Bangladesh coach Shane Jurgensen has demanded a patient batting approach in the second Test against Zimbabwe in Harare.
Bangladesh were hot favourites to win the series but in the first Test they were hammered by 335 runs after being skittled out for 134 and 147.
Zimbabwe skipper Brendan Taylor scored two centuries in the match to show them how it should have been done.
The Bangladesh Cricket Board (BCB) was heavily critical of the performance, accusing senior players of not taking enough responsibility and suggesting some were not 100 per cent fit.
Fast bowlers Rubel Hossain and Shahadat Hossain have since returned home to be replaced by Shafiul Islam and uncapped all-rounder Ziaur Rahman for the second Test, which starts on Thursday.
Jurgensen rejected those criticisms but admitted: "We know we didn't play as well as we could have. We have come here to win but at the same time we know that Zimbabwe are a tough opponent.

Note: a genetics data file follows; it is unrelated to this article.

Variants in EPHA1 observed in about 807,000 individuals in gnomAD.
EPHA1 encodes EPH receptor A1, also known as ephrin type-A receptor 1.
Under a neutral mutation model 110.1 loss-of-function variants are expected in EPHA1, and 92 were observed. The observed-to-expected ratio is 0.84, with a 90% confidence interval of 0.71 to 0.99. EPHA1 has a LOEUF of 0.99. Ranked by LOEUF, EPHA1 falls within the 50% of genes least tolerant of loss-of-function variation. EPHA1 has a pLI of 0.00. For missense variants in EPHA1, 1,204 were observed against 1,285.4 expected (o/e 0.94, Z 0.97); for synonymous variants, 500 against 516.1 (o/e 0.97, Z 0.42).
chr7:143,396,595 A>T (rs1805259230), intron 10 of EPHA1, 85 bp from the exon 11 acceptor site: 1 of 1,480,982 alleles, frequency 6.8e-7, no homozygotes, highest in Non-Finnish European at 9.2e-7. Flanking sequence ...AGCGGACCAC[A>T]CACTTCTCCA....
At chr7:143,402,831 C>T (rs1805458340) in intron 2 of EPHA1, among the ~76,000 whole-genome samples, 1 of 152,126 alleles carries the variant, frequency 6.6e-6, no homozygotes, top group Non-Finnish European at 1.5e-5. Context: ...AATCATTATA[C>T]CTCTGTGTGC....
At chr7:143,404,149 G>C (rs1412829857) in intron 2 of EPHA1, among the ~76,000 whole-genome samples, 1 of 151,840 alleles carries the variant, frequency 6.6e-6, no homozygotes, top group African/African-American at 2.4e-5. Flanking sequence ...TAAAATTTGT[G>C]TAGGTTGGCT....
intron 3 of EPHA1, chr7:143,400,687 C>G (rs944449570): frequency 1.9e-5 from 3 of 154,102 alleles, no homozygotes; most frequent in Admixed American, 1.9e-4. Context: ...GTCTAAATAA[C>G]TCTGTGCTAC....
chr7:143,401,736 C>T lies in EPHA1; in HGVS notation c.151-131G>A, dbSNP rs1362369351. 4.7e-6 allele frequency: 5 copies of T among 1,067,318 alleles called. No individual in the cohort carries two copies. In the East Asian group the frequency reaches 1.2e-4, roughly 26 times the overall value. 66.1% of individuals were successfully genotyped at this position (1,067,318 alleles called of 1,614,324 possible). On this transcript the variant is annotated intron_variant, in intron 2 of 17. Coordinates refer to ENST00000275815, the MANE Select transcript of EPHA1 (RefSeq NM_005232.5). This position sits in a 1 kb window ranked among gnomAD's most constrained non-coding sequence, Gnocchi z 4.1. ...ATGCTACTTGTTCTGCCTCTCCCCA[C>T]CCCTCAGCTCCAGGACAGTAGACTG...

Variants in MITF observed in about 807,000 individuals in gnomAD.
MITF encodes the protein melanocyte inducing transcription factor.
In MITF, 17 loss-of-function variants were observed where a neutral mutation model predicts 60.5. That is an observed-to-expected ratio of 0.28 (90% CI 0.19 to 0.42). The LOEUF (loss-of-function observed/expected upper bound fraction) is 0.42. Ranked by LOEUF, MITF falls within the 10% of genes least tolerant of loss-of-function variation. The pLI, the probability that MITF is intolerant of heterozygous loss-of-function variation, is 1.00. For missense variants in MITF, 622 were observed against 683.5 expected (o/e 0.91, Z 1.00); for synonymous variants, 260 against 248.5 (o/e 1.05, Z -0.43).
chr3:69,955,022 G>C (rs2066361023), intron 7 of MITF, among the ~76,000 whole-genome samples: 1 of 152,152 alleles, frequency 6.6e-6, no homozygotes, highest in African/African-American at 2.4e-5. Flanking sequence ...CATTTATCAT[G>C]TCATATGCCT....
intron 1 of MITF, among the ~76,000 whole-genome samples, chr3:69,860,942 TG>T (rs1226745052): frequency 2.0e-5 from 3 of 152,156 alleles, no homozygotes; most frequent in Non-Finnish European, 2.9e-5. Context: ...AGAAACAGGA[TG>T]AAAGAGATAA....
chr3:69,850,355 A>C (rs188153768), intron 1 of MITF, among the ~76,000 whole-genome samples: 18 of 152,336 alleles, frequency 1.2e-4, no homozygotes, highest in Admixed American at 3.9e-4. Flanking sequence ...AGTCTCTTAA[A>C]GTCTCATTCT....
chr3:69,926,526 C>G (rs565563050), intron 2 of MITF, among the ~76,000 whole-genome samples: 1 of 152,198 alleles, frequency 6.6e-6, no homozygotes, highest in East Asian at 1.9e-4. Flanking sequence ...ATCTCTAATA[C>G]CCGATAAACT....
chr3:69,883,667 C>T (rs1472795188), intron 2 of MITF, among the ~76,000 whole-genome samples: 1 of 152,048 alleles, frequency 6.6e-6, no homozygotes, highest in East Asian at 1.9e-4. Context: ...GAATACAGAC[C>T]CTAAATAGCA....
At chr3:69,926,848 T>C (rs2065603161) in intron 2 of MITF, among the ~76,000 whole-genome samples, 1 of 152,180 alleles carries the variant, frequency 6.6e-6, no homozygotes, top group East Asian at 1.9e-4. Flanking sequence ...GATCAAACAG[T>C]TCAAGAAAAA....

"Losing a game is not ideal, especially as it was a game a lot of people may have expected us to win.
"But if you actually look at the record of Zimbabwe in their own country, they have performed quite well, so I don't understand why people seem to be very upset."
If Bangladesh are to avoid a Test series defeat, Jurgensen knows a major improvement in their batting will be required after their struggles against the Zimbabwe seam attack first time round.
"We didn't play with any patience and we need to improve that," Jurgensen said. "We just have to bat for longer. We did not last until the second new ball in each innings, we had no partnerships or players batting for long periods.
"We have to be very disciplined in our approach to every ball, and do our basics right on this surface, which is a little bit foreign to us."
Zimbabwe are, unsurprisingly, set to field an unchanged XI, and captain Taylor expects a similar performance from his side, and is keen to see them again exploit the attacking desire of the tourists' batsmen.
Taylor said: "We know that they are pretty attacking players and that if you starve them for runs, they create chances."